UTF-8 is an encoding of Unicode, a way of representing an (abstract) sequence of Unicode characters as a (concrete) sequence of bytes. There are other encodings, such as UTF-16 (which has both big-endian and little-endian variants). Both UTF-8 and UTF-16 can represent any character in Unicode, so you can support all languages regardless of which one you choose.
UTF-8 is useful if most of your text is in Western languages since it represents ASCII characters in just one byte, but it needs three bytes each for many characters in "foreign" alphabets such as Chinese. UTF-16, on the other hand, uses exactly two bytes for all characters you're likely to ever encounter (though some very esoteric characters, those outside Unicode's "Basic Multilingual Plane", require four).
I wouldn't recommend using PHP for developing international software, though, because it doesn't really properly support Unicode. It has some add-on functions for working with Unicode encodings (look at the multibyte string functions), but the the PHP core treats strings as bytes, not characters, so the standard PHP string functions are not suitable for working with characters that are encoded as more than one byte. For example, if you call PHP's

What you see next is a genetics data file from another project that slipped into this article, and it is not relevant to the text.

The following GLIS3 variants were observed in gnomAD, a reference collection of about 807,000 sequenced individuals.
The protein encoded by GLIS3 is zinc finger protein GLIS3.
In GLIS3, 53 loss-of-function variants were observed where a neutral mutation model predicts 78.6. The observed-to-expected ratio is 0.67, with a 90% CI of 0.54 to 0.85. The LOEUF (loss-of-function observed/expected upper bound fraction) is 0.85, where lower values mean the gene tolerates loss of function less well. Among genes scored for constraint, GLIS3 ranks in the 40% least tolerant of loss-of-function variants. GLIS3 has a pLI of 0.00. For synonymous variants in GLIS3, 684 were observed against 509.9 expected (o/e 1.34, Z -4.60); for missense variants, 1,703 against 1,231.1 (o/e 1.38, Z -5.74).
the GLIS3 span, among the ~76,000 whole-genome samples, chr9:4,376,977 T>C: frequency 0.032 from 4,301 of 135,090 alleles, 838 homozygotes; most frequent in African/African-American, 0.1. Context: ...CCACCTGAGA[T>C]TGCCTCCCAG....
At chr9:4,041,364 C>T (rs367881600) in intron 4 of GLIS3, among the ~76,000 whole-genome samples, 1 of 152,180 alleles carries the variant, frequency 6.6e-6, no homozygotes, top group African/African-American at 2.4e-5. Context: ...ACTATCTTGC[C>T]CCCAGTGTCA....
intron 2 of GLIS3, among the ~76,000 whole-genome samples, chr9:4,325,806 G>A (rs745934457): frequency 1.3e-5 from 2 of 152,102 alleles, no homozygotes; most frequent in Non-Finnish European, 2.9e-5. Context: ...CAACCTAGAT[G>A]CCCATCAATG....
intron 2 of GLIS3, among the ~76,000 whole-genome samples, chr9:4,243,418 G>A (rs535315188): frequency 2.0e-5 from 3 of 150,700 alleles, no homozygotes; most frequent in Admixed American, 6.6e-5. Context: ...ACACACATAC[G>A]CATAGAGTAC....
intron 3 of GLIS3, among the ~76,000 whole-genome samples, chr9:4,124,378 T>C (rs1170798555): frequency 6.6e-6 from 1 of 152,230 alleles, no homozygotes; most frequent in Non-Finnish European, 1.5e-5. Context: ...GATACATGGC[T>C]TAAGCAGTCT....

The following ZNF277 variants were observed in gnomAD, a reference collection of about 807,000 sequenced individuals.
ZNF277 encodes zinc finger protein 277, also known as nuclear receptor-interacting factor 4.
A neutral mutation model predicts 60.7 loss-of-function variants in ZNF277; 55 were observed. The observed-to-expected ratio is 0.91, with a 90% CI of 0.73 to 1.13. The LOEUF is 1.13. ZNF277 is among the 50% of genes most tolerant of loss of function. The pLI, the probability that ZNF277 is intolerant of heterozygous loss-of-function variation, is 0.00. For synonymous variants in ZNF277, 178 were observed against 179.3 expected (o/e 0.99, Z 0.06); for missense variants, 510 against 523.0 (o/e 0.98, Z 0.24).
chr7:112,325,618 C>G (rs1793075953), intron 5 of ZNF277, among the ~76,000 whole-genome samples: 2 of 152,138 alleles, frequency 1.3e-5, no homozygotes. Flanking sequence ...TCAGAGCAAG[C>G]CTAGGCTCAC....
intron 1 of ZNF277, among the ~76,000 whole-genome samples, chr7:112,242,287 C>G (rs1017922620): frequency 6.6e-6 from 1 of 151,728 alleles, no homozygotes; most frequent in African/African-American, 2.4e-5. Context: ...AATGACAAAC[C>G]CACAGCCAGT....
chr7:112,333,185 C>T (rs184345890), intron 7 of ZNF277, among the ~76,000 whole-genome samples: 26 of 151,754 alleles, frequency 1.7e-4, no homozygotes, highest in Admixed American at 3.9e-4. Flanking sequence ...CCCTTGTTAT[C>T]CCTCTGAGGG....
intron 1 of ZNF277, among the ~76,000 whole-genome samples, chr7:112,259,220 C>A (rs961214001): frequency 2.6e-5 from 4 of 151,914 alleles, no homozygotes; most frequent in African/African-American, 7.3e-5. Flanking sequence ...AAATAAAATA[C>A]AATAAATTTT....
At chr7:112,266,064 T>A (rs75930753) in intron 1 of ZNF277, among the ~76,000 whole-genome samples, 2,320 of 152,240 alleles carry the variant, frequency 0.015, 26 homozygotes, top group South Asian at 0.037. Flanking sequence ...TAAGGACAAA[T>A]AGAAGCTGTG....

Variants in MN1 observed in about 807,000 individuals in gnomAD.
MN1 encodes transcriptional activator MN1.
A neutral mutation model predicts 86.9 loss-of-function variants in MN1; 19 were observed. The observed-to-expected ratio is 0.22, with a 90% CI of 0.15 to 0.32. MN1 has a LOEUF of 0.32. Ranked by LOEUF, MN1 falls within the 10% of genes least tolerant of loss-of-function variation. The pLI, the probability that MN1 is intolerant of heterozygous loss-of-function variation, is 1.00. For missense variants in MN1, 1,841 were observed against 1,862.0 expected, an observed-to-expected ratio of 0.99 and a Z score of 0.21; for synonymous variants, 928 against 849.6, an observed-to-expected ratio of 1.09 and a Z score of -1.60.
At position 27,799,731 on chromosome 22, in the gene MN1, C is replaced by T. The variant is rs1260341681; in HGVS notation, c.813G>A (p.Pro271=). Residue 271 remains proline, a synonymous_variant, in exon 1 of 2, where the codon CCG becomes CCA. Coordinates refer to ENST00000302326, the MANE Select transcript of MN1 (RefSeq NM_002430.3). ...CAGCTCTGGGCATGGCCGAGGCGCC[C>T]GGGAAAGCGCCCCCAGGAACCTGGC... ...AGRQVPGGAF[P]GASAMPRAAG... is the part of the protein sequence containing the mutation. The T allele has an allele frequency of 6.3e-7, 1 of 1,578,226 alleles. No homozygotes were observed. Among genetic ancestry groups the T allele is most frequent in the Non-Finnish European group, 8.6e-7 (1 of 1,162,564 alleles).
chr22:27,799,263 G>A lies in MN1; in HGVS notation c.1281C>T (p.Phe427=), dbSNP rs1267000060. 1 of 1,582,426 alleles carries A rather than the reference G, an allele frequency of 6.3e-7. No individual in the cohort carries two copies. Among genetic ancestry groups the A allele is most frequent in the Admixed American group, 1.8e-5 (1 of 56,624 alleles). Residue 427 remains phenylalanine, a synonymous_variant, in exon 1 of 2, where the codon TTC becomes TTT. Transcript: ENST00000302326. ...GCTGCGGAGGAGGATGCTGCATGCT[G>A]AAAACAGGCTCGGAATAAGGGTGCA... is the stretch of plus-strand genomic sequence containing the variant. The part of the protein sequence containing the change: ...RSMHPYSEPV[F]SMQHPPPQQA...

strlen() on a string containing the UTF-8 representation of the character "大", it will return 3, because that character takes up three bytes in UTF-8, even though it's only one character. Using string-splitting functions like
substr() is precarious because if you split in the middle of a multi-byte character you corrupt the string.
Most other languages used for Web development, such as Java, C#, and Python, have built-in support for Unicode, so that you can put arbitrary Unicode characters into a string and not need to worry about which encoding is used to represent them in memory because from your point of view a string contains characters, not bytes. This is a much safer, less-error-prone way to work with Unicode text. For this and other reasons (PHP isn't really that great a language), I'd recommend using something else.
(I've read that PHP 6 will have proper Unicode support, but that's not available yet.)